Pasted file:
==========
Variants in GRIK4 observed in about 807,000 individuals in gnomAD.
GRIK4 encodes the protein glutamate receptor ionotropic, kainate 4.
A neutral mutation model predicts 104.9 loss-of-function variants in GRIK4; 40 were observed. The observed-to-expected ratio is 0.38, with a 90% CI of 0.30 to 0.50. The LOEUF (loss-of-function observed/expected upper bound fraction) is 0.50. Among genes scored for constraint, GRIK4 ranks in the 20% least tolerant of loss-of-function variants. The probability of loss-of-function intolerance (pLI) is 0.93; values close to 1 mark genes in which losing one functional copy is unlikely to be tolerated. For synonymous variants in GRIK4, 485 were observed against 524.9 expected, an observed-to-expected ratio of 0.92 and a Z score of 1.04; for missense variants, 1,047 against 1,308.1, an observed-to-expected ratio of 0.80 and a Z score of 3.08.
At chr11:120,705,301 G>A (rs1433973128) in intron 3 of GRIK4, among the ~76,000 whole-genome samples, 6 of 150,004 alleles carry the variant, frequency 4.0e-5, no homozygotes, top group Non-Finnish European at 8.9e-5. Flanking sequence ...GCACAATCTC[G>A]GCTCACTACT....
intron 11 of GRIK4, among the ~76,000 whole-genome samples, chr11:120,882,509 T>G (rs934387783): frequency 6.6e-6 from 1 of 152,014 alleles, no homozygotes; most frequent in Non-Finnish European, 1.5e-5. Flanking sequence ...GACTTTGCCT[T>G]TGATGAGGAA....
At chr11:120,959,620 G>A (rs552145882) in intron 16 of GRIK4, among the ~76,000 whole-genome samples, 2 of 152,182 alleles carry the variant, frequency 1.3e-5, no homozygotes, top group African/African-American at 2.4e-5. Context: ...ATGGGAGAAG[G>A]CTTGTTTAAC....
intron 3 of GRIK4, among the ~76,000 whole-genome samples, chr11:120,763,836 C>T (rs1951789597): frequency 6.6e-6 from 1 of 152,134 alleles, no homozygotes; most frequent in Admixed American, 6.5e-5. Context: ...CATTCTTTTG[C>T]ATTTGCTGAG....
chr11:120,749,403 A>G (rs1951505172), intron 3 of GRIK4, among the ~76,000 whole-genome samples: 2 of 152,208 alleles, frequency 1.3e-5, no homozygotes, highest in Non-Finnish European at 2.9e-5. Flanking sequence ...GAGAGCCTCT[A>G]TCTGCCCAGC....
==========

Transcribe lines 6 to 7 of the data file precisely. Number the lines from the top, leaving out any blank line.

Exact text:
At chr11:120,959,620 G>A (rs552145882) in intron 16 of GRIK4, among the ~76,000 whole-genome samples, 2 of 152,182 alleles carry the variant, frequency 1.3e-5, no homozygotes, top group African/African-American at 2.4e-5. Context: ...ATGGGAGAAG[G>A]CTTGTTTAAC....
intron 3 of GRIK4, among the ~76,000 whole-genome samples, chr11:120,763,836 C>T (rs1951789597): frequency 6.6e-6 from 1 of 152,134 alleles, no homozygotes; most frequent in Admixed American, 6.5e-5. Context: ...CATTCTTTTG[C>T]ATTTGCTGAG....